South Fremantle's Kris Miller will become the sixth player in the history West Australian football to play 300 matches.
Miller said he was honoured to be joining the exclusive short list of WAFL champions – Bill Dempsey, Mil Whinnen, Jack Sheedy, Bill Walker and Brian Peake.
"They're actually legends in the WA football. I met them the other day and it was pretty inspiring.
"I'm nowhere near the achievements that they've achieved but to be on the same page in games – at least I have some things in common with some fantastic players," he said.
It is a feat that is unlikely to be repeated anytime soon. East Perth's Chris Wulff is the next longest-serving current player with 223 matches under his belt.
In a sport that is often plagued by injury Miller's WAFL career has been described as outstanding, having never missed a game through injury. The player said there is no secret to his durability.
"I think I have a reasonable pain threshold – so I can just put the pain aside sometimes and worry about it the next day. But I think I've been very lucky aswell."
He began his career at East Fremantle in 1999 where he went on to play more than 153 matches – earning him life membership. While at the club he won a Lynn Medal and played in the losing 2000 grand final.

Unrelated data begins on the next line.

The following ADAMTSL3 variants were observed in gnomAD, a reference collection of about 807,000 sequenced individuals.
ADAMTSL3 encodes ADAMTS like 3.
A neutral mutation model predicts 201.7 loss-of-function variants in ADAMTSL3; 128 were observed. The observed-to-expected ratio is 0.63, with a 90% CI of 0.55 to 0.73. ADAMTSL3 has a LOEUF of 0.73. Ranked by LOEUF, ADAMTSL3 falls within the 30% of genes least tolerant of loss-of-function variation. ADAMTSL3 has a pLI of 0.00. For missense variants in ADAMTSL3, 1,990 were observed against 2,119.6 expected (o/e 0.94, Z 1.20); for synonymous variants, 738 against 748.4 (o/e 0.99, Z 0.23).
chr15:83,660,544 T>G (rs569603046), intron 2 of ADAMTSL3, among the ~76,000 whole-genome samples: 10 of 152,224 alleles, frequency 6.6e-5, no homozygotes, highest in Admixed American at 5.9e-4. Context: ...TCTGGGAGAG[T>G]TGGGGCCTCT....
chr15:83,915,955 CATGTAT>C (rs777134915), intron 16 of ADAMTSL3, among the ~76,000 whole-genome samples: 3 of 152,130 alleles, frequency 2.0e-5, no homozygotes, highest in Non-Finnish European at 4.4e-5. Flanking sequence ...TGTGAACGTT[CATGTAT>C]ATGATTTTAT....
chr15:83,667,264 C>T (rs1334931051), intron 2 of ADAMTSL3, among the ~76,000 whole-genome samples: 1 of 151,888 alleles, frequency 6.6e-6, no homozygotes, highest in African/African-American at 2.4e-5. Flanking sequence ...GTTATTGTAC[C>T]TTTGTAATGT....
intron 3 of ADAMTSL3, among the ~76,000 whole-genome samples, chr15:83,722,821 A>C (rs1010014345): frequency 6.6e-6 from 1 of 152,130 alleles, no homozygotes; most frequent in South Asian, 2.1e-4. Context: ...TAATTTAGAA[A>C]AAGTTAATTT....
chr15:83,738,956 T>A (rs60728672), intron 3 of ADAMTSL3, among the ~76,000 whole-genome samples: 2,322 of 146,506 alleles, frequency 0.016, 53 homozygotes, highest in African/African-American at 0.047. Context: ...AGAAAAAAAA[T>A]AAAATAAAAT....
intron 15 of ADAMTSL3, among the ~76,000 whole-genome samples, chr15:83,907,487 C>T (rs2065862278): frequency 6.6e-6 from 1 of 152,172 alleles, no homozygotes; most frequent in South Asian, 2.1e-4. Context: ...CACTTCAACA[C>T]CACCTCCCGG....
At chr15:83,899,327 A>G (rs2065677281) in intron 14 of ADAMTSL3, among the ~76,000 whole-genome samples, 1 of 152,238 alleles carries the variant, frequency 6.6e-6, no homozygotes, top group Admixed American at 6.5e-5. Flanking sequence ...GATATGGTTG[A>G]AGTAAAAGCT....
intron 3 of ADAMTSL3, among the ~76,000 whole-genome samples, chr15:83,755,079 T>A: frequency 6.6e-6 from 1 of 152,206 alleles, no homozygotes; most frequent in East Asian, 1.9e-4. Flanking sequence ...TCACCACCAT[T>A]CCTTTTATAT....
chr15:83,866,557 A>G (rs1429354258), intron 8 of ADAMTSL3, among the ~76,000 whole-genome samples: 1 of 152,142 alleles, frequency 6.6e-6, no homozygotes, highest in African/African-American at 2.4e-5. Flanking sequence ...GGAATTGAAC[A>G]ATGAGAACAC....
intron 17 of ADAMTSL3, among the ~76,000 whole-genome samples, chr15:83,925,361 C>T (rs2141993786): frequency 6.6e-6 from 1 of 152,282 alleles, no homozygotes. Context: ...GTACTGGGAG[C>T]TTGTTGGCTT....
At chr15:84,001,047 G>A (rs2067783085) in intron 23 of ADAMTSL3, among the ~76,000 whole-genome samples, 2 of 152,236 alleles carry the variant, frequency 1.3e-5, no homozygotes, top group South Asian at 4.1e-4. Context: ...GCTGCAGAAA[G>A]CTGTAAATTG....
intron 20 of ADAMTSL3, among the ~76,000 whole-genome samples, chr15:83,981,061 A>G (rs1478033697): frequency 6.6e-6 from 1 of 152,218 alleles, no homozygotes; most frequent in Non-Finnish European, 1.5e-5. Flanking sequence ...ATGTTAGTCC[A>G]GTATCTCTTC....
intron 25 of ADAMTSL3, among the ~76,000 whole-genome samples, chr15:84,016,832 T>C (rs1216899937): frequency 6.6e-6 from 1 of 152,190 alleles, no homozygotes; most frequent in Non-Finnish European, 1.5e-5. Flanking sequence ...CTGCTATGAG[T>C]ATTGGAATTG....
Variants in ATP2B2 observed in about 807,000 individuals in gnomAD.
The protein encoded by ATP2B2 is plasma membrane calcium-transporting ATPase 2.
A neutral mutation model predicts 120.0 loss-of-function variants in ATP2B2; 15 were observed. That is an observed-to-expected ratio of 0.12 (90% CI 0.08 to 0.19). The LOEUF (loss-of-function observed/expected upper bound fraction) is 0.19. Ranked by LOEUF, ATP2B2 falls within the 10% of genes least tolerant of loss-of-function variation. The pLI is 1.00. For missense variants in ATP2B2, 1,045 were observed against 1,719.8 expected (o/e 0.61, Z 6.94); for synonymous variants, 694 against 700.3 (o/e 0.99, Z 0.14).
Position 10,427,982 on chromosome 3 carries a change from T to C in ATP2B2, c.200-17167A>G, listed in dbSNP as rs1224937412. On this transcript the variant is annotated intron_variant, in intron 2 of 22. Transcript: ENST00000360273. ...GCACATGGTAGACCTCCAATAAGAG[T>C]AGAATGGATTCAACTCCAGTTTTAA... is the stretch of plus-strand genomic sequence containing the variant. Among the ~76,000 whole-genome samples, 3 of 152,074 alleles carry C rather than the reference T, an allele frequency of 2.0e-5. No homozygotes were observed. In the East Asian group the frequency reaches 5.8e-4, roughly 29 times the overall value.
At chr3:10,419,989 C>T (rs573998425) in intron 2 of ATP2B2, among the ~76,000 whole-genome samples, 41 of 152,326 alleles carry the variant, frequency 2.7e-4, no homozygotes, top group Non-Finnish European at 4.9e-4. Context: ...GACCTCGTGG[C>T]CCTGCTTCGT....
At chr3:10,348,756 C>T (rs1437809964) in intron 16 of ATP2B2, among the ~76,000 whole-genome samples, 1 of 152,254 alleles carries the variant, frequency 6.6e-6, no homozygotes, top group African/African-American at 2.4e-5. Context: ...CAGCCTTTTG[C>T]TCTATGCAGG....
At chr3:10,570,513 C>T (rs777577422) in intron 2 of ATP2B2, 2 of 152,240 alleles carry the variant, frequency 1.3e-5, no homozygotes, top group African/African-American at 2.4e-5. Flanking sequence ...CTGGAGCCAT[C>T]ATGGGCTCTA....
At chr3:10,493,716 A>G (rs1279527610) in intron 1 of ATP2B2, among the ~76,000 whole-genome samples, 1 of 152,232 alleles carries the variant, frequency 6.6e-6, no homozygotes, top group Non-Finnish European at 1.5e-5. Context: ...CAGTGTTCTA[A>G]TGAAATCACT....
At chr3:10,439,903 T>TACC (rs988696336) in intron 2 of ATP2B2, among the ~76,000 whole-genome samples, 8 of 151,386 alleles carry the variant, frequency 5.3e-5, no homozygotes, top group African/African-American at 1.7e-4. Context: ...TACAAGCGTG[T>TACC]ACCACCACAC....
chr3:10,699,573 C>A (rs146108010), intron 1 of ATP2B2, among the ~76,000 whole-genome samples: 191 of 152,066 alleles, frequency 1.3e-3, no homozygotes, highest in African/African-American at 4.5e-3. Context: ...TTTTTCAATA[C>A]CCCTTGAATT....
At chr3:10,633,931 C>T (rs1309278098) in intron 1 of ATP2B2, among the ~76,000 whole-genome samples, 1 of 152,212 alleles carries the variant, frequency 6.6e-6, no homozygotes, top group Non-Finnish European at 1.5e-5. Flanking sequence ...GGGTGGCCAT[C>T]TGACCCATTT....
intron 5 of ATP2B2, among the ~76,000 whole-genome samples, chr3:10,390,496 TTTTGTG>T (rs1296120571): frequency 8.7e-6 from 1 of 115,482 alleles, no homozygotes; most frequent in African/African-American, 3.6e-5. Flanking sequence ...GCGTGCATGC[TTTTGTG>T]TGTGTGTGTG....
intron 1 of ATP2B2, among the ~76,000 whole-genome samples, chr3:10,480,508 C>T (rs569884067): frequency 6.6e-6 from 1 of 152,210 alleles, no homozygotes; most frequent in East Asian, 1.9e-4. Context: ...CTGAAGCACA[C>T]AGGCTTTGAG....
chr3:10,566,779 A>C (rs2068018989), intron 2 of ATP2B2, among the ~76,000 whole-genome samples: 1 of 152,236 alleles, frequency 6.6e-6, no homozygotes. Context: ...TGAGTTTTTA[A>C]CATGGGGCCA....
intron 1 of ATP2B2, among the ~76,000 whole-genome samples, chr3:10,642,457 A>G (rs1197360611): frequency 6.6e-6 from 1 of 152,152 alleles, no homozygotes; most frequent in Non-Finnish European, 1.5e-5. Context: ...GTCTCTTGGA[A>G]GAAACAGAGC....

Miller moved across to rival team South Fremantle in 2007.
He said it was a tough decision to make, but it turned out to be the best thing that could have happened to his career – becoming a three-time fairest and best winner, and a premiership player.
"My greatest achievement is definitely playing in the 2009 Premiership. [Fairest and best medals] are nice things to get at the time and nice to look on at the end of the day, but I can only really celebrate those with myself.
"So it's not as much fun as being able to celebrate that team success with everyone else," Miller said.
While he never played AFL, Miller said he was fortunate to have been put on the rookie list for a year with the West Coast Eagles.
"A lot of people don't even get that chance. It would have been a great thing to play AFL and, you know, test yourself against the best – but things like that aren't always in your control," Miller said.
The 33-year-old said he had no foreseeable plans of retiring – though 2014 could be his last year.
"I'm only 33 but in football terms that's quite old. So effectively I treat every game as if it's my last. I've been lucky, but I'm probably only one injury away from not being able to play at this level anymore."
South Fremantle take on Perth at Fremantle Oval on Friday night.